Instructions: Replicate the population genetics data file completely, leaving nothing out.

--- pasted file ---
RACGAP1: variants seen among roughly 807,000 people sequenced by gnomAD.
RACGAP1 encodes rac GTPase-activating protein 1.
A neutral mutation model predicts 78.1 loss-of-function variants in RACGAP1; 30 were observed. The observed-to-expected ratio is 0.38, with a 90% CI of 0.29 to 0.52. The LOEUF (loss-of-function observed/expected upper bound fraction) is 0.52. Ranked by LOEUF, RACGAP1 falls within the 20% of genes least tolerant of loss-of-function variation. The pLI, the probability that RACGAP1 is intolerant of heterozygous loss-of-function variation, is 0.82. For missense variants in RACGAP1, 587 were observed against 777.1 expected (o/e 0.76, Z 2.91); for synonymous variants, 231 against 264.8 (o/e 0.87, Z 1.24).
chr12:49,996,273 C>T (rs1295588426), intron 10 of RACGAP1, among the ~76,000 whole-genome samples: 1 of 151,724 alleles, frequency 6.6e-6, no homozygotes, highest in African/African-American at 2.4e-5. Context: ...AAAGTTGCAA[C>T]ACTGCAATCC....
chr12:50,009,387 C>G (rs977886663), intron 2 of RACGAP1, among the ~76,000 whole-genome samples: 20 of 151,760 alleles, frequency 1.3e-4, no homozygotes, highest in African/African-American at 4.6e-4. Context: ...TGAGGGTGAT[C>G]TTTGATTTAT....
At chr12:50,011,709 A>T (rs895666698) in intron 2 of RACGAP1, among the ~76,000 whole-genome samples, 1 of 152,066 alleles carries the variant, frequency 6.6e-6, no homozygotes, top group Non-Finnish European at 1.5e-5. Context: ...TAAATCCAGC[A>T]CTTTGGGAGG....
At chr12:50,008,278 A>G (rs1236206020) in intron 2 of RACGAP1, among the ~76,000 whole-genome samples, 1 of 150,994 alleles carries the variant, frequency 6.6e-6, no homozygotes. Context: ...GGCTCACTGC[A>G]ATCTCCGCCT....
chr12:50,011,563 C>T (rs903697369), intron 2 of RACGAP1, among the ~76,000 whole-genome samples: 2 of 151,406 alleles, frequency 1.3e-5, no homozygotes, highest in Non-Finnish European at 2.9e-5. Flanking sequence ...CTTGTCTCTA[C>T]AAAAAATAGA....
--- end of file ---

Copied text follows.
RACGAP1: variants seen among roughly 807,000 people sequenced by gnomAD.
RACGAP1 encodes rac GTPase-activating protein 1.
A neutral mutation model predicts 78.1 loss-of-function variants in RACGAP1; 30 were observed. The observed-to-expected ratio is 0.38, with a 90% CI of 0.29 to 0.52. The LOEUF (loss-of-function observed/expected upper bound fraction) is 0.52. Ranked by LOEUF, RACGAP1 falls within the 20% of genes least tolerant of loss-of-function variation. The pLI, the probability that RACGAP1 is intolerant of heterozygous loss-of-function variation, is 0.82. For missense variants in RACGAP1, 587 were observed against 777.1 expected (o/e 0.76, Z 2.91); for synonymous variants, 231 against 264.8 (o/e 0.87, Z 1.24).
chr12:49,996,273 C>T (rs1295588426), intron 10 of RACGAP1, among the ~76,000 whole-genome samples: 1 of 151,724 alleles, frequency 6.6e-6, no homozygotes, highest in African/African-American at 2.4e-5. Context: ...AAAGTTGCAA[C>T]ACTGCAATCC....
chr12:50,009,387 C>G (rs977886663), intron 2 of RACGAP1, among the ~76,000 whole-genome samples: 20 of 151,760 alleles, frequency 1.3e-4, no homozygotes, highest in African/African-American at 4.6e-4. Context: ...TGAGGGTGAT[C>G]TTTGATTTAT....
At chr12:50,011,709 A>T (rs895666698) in intron 2 of RACGAP1, among the ~76,000 whole-genome samples, 1 of 152,066 alleles carries the variant, frequency 6.6e-6, no homozygotes, top group Non-Finnish European at 1.5e-5. Context: ...TAAATCCAGC[A>T]CTTTGGGAGG....
At chr12:50,008,278 A>G (rs1236206020) in intron 2 of RACGAP1, among the ~76,000 whole-genome samples, 1 of 150,994 alleles carries the variant, frequency 6.6e-6, no homozygotes. Context: ...GGCTCACTGC[A>G]ATCTCCGCCT....
chr12:50,011,563 C>T (rs903697369), intron 2 of RACGAP1, among the ~76,000 whole-genome samples: 2 of 151,406 alleles, frequency 1.3e-5, no homozygotes, highest in Non-Finnish European at 2.9e-5. Flanking sequence ...CTTGTCTCTA[C>T]AAAAAATAGA....